Answering the bell with physical play
|Senators forward Mike Comrie waits for a pass today during practice at the Bell Sensplex in Ottawa. Comrie was praised for sticking up for a teammate during a skirmish in Game 1 against Pittsburgh. Photo: T. Anderson/OSHC|
by Todd Anderson
When the going gets tough in the Stanley Cup playoffs, the Ottawa Senators have what it takes to match anything thrown their way. As demonstrated late in Game 1's 6-3 victory over the Pittsburgh Penguins, it can come from unexpected sources as well.
Both captain Daniel Alfredsson and forward Mike Comrie, who are known more for their offensive abilities than their toughness, became involved in scuffles late in the game to defend teammates. Defenceman Chris Phillips says their desire didn't go unnoticed.
"That's what playoff hockey is all about. Everyone's got to do their job no matter what their role is on the team, but at the same time, everyone is expected to do a little bit more without trying to do too much. A lot of times that's being physical, blocking shots and just doing little things that might not be characteristics of certain players."
Forward Chris Neil was also impressed with his club's willingness to set the tone early - Ottawa outhit Pittsburgh 14-7 in the first period. The NHL's leader in 2006-07 with 288 hits, Neil has stressed the importance of making every bodycheck count all season.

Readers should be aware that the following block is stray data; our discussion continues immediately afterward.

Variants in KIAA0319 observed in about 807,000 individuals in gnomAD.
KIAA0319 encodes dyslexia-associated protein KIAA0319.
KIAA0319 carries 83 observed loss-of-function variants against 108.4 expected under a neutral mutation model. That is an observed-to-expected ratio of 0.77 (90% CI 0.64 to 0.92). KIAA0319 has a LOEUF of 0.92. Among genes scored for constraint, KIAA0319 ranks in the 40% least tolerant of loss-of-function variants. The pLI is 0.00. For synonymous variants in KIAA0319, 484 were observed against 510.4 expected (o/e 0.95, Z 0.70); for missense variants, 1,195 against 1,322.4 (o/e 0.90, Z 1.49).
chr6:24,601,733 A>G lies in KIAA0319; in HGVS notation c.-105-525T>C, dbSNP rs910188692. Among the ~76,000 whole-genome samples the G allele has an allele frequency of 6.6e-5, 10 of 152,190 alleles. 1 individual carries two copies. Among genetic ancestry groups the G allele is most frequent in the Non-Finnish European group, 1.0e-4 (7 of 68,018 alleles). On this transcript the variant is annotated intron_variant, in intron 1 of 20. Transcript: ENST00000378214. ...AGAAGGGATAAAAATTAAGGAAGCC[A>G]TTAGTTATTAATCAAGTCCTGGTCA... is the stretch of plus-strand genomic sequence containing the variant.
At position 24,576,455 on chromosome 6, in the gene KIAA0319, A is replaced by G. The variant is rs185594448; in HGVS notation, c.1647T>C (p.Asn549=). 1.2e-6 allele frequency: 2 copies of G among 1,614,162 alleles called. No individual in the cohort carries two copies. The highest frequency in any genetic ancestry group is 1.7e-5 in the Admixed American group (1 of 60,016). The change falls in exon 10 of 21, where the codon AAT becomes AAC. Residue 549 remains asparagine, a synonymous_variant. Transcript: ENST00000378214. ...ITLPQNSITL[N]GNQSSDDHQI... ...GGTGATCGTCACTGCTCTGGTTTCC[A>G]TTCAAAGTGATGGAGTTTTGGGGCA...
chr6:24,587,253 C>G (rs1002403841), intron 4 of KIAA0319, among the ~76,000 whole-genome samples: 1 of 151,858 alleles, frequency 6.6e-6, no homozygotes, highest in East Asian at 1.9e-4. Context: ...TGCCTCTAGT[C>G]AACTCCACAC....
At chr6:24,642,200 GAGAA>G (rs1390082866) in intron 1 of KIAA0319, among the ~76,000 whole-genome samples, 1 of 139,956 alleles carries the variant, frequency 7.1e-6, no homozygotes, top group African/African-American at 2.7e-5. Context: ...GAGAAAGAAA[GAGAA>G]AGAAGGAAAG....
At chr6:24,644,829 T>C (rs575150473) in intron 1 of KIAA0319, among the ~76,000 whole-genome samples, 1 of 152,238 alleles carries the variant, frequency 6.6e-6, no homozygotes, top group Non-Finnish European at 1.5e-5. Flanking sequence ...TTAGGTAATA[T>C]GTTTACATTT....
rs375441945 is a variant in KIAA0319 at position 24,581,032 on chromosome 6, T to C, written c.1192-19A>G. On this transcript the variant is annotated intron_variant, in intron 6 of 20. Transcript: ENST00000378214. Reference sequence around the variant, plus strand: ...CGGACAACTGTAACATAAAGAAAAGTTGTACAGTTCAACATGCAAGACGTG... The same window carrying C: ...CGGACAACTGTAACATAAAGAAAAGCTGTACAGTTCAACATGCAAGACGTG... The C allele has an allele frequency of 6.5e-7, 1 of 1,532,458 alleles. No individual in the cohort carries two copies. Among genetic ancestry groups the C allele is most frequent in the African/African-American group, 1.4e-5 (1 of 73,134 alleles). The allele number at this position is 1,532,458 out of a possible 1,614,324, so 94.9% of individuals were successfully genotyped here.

"It's not just three or four guys out there hitting, you've got everyone stepping into guys," Neil says. "That's what it's about. If you can rub a guy out, it wears on them over the course of a seven-game series. Their D that play a lot of minutes, or their forwards, you've got to play physical on them."
With Ottawa leading Game 1 convincingly, Pittsburgh started to hit a little more during the dying minutes of the third period. Neil says his team responded adequately to the increased intensity.
"They were just trying to get something going. They've got a bunch of guys like that. They don't quit. They just keep going. We've got a lot of respect for them in this dressing room. I think we answered the bell and I think coming into Game 2 we've got to step it up a couple of notches because they'll be better."
Neil doesn't mind if Game 2 starts off with the same intensity as Game 1 finished with, either.
"It's a part of my game and it will always be a part of my game. The fans love it, and I think it makes for a very interesting series by the end of it."